November 14, 2008
TThe University of Saskatchewan has taken an important step toward strategic management of its records and information by creating the position of Chief Information Officer (CIO) and a new office for Information Strategy and Analytics.
The CIO position has been taken on by Rick Bunt, who will continue to serve as associate vice-president of information and communications technology. In his new role, Bunt said he moves beyond day-to-day operations to building the strategy and architecture “that enables people to be intentional and responsible for information on campus. This is a signal to the community that my responsibilities extend beyond the operations of the Information Technology Services (ITS) Division, that I am someone who takes a campus-wide perspective.”
The CIO is a well-established position in the private sector and in government, he said. It is also growing more common at universities in recognition of the need for institutional leadership in planning, governance, policy, infrastructure and resources.
Creation of the U of S position follows a decision last spring by the Provost’s Committee on Integrated Planning to develop an information strategy that aligns with the university’s priorities and integrated plan.
“The sense many people have,” said Bunt, “is that our technology solutions are simply reactive and hugely expensive. What’s lost is a sense of strategy. It’s there, but we can now give it more emphasis.”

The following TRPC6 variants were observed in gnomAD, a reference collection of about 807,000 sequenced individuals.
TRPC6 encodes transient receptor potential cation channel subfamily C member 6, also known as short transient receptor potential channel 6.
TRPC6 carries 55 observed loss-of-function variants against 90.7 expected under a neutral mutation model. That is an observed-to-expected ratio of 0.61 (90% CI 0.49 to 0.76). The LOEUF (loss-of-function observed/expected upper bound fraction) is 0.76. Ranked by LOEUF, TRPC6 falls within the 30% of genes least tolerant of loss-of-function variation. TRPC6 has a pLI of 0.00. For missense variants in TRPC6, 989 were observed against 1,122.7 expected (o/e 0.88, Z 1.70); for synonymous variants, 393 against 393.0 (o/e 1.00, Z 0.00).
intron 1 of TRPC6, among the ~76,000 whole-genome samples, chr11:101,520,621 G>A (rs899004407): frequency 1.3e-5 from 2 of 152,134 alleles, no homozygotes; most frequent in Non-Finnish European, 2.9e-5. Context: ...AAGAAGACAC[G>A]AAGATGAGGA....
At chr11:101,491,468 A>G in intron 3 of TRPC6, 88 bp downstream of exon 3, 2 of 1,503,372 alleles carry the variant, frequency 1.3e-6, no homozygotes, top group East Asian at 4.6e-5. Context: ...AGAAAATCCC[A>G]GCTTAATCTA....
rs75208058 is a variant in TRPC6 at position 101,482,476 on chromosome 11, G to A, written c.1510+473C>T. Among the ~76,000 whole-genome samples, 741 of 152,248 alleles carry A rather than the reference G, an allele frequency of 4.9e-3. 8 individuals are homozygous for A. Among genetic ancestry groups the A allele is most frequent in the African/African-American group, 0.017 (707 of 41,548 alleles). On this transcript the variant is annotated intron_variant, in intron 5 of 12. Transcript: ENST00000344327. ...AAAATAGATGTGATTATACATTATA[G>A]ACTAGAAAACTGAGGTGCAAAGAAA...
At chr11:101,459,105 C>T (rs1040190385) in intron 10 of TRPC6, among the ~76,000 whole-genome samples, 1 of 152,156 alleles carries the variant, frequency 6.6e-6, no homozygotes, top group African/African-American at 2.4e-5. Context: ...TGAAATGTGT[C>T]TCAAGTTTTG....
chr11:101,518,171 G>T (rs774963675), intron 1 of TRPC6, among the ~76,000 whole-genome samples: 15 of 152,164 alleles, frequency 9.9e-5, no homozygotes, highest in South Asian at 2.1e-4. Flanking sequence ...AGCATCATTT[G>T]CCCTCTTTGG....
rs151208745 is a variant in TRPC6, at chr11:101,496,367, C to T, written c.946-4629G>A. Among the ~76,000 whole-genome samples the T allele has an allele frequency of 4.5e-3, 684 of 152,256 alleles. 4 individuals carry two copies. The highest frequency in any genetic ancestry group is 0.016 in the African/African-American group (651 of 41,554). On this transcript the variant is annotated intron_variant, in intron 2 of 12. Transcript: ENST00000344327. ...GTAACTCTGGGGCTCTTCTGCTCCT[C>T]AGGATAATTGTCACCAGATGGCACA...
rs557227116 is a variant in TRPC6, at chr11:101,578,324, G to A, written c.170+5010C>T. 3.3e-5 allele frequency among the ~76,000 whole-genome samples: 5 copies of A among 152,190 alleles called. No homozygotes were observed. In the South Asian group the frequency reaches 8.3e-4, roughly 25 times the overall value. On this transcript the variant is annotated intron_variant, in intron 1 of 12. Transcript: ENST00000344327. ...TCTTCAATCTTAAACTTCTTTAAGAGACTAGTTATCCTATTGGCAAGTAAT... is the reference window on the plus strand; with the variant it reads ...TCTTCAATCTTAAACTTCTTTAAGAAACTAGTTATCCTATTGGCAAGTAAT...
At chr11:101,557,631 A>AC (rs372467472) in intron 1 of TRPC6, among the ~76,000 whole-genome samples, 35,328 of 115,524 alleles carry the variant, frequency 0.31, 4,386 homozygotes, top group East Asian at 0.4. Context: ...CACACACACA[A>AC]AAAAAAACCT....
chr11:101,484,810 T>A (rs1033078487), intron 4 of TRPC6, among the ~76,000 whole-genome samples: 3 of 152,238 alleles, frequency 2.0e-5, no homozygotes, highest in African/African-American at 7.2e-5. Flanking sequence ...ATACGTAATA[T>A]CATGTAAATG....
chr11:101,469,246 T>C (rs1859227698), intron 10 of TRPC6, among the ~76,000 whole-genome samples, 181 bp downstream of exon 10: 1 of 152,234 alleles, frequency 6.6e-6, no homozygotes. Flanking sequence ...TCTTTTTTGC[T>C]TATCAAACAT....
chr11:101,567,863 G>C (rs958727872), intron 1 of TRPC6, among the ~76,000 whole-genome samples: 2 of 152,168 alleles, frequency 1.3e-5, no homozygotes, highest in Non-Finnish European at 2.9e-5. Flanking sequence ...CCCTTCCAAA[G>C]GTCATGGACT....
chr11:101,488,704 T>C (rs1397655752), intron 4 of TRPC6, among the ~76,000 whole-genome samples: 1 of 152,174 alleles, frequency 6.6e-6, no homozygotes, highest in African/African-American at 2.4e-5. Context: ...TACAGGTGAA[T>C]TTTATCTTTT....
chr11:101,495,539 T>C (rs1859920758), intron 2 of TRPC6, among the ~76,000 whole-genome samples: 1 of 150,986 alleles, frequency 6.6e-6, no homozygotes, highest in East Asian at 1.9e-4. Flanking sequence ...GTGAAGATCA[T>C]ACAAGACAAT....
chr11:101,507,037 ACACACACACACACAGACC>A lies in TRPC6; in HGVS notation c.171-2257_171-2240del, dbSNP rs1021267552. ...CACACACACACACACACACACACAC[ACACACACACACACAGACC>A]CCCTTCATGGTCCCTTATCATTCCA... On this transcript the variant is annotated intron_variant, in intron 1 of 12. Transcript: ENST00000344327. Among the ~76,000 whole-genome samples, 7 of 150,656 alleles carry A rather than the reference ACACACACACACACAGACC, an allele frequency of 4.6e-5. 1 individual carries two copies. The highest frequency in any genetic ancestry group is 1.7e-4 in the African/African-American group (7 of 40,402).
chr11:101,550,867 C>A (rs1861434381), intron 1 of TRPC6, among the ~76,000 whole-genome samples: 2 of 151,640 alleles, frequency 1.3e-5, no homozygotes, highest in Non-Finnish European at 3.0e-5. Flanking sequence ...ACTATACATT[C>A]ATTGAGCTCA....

Bunt said many units on campus operate their own information systems. He sees his new role as one of “ensuring what they do and what they want to do can be properly supported through institutional architecture, and by that I mean everything from laptops to policy.”
His first task will be to review and update the university’s foundational document on information and communications technology, which is six years old. Then, over the next year, Bunt said he will meet with campus leaders to do a business assessment that will feed into university-wide strategy and policy around the development and use of information and information technology.
“As CIO, I should be someone who people on or off campus can come to for help and advice. I should also give advice to the university on priorities, gaps and impending pressures.”
Office of Communications, University of Saskatchewan